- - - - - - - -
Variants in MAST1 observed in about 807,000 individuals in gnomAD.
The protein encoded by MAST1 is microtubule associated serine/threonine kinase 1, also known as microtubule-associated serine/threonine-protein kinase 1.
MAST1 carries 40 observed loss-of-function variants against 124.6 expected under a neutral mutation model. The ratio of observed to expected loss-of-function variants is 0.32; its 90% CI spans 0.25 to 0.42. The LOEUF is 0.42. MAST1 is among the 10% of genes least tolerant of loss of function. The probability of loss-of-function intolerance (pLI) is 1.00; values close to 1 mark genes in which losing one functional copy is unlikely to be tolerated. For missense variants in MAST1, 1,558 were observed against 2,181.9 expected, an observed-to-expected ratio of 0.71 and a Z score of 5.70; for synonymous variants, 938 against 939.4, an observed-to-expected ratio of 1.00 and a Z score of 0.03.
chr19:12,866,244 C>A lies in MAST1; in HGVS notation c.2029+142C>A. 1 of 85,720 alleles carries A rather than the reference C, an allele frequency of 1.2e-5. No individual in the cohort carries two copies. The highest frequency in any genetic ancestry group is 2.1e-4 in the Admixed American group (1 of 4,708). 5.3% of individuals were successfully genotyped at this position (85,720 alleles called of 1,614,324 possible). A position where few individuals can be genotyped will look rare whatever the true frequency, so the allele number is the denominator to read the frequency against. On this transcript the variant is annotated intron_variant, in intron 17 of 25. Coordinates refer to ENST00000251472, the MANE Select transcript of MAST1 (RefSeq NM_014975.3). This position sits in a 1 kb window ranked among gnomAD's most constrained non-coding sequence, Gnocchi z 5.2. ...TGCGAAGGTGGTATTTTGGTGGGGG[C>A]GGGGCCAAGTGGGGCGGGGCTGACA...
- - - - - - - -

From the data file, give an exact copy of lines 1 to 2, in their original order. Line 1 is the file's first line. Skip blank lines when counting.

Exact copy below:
Variants in MAST1 observed in about 807,000 individuals in gnomAD.
The protein encoded by MAST1 is microtubule associated serine/threonine kinase 1, also known as microtubule-associated serine/threonine-protein kinase 1.